From Barrio Obrero to El Barrio

by Pedro Juan Hernández
Translation by Victoria Álvarez

Version en Español

The Palladium Ballroom, along with mambo and other Latin-style dancers, have reached an almost mythical and legendary status. The names “Cuban Pete” (Pedro Aguilar), Millie Donay, Augie y Margo, Andy Jerrick, Marilyn Winters, “Killer Joe,” Mike Ramos and many others are well-known among fervent followers of the history of Latino music from the 1950s onward. Carlos Arroyo belongs to this select group of dancers, pioneers, and spokesmen for dance as a medium and for the stage at the Palladium.
Carlos Arroyo was born in 1931 on Eduardo Conde Street in Barrio Obrero, Santurce, Puerto Rico, an area that was historically a community of runaway slaves, freed slaves, and laborers. He was the son of Carlos Jose Arroyo and Pilar “Lola” Almodovar. His father was a linotype operator, carpenter, and contractor, while his mother worked as a seamstress and domestic worker. They both liked to dance, play guitar, and sing duets. However it was his grandmother, Marcela, who raised him when his parents migrated to New York during his formative years. She became the most influential person in his life, instilling in him a love of dance that ultimately became the focus of his adult life. From an early age, he grew accustomed to watching her dance and learning the steps that accompanied the beat of the music. During these early years, he studied at the Padre Rufo Manuel Fernández and Rosendo Matienzo Cintrón schools of Santurce.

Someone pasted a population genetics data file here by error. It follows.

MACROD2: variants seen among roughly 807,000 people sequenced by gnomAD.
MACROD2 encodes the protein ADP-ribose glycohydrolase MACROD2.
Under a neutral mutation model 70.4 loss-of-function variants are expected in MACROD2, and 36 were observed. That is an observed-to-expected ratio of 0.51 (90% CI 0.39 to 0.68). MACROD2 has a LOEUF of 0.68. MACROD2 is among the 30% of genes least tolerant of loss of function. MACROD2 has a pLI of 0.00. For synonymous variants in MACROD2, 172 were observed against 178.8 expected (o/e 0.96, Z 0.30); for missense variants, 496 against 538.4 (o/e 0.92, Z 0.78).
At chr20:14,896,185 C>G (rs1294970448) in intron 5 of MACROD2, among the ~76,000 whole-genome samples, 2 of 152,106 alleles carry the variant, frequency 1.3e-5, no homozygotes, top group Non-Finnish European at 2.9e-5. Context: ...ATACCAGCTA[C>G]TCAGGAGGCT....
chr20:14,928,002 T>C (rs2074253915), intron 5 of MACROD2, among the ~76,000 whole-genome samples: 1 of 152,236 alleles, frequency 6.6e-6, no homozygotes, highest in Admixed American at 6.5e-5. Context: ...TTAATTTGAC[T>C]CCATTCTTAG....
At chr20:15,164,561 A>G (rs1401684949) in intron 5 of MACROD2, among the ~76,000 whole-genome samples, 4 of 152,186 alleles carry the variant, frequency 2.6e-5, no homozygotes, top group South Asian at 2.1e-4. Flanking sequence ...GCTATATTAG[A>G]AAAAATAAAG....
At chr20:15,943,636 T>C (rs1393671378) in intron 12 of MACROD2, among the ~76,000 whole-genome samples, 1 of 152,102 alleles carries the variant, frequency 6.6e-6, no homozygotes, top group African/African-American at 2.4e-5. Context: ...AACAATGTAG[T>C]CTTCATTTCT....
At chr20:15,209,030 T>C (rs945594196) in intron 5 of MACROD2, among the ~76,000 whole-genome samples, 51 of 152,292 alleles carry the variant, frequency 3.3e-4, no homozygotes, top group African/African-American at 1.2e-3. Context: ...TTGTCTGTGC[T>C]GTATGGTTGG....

At the age of sixteen, he reunited with his mother who was living on 122nd Street, between Second and Third Avenues, in New York’s City’s East Harlem, otherwise known as El Barrio. Although he arrived by plane, many referred to him as a “Marine Tiger,” alluding to the last steamship that brought hundreds of Puerto Ricans that emigrated to New York City after World War II. Like many young Puerto Ricans at the time, he went to Benjamin Franklin High School, where students were divided along ethnic lines and fights often broke out between Puerto Rican and Italian students. It was during this time that he started to feel racism in ways he had never felt while in Puerto Rico. He found solace in his job as a fruit vendor at La Marqueta, a street market supplying a host of ethnic foods located on Park Avenue between 110th and 116th Streets, where he earned $13 to $15 a week.

Content credits Center for Puerto Rican Studies
Image Credits: Carlos Arroyo Collection | All Rights Reserved